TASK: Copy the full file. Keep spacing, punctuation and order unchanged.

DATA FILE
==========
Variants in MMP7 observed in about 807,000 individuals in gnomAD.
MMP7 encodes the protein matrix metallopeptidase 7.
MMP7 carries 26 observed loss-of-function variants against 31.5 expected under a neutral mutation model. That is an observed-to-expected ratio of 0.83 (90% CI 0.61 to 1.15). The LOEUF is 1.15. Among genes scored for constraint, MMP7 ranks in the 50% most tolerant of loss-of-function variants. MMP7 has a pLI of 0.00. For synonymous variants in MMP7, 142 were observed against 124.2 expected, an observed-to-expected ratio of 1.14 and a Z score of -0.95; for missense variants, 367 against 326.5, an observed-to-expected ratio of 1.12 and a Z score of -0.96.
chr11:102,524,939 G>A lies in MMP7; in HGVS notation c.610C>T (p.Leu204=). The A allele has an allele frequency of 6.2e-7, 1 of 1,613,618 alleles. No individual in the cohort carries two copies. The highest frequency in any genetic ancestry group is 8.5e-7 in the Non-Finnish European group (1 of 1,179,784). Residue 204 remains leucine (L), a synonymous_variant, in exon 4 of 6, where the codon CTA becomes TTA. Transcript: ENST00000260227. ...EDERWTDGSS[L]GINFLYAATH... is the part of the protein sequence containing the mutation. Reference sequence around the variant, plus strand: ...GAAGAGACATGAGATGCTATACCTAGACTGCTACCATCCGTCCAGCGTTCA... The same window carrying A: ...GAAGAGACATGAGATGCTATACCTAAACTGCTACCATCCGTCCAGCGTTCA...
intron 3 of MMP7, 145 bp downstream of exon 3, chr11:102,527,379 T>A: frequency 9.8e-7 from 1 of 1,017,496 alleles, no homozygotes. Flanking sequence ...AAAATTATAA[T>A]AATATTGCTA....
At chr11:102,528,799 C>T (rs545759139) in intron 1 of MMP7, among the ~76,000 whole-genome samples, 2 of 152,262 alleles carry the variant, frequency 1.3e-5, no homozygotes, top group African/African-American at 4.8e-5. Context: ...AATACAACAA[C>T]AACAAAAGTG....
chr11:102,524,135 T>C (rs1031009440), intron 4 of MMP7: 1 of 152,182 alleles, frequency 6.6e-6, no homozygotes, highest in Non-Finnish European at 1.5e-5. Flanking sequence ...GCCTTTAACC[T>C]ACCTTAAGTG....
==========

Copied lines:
Variants in MMP7 observed in about 807,000 individuals in gnomAD.
MMP7 encodes the protein matrix metallopeptidase 7.
MMP7 carries 26 observed loss-of-function variants against 31.5 expected under a neutral mutation model. That is an observed-to-expected ratio of 0.83 (90% CI 0.61 to 1.15). The LOEUF is 1.15. Among genes scored for constraint, MMP7 ranks in the 50% most tolerant of loss-of-function variants. MMP7 has a pLI of 0.00. For synonymous variants in MMP7, 142 were observed against 124.2 expected, an observed-to-expected ratio of 1.14 and a Z score of -0.95; for missense variants, 367 against 326.5, an observed-to-expected ratio of 1.12 and a Z score of -0.96.
chr11:102,524,939 G>A lies in MMP7; in HGVS notation c.610C>T (p.Leu204=). The A allele has an allele frequency of 6.2e-7, 1 of 1,613,618 alleles. No individual in the cohort carries two copies. The highest frequency in any genetic ancestry group is 8.5e-7 in the Non-Finnish European group (1 of 1,179,784). Residue 204 remains leucine (L), a synonymous_variant, in exon 4 of 6, where the codon CTA becomes TTA. Transcript: ENST00000260227. ...EDERWTDGSS[L]GINFLYAATH... is the part of the protein sequence containing the mutation. Reference sequence around the variant, plus strand: ...GAAGAGACATGAGATGCTATACCTAGACTGCTACCATCCGTCCAGCGTTCA... The same window carrying A: ...GAAGAGACATGAGATGCTATACCTAAACTGCTACCATCCGTCCAGCGTTCA...
intron 3 of MMP7, 145 bp downstream of exon 3, chr11:102,527,379 T>A: frequency 9.8e-7 from 1 of 1,017,496 alleles, no homozygotes. Flanking sequence ...AAAATTATAA[T>A]AATATTGCTA....
At chr11:102,528,799 C>T (rs545759139) in intron 1 of MMP7, among the ~76,000 whole-genome samples, 2 of 152,262 alleles carry the variant, frequency 1.3e-5, no homozygotes, top group African/African-American at 4.8e-5. Context: ...AATACAACAA[C>T]AACAAAAGTG....
chr11:102,524,135 T>C (rs1031009440), intron 4 of MMP7: 1 of 152,182 alleles, frequency 6.6e-6, no homozygotes, highest in Non-Finnish European at 1.5e-5. Flanking sequence ...GCCTTTAACC[T>C]ACCTTAAGTG....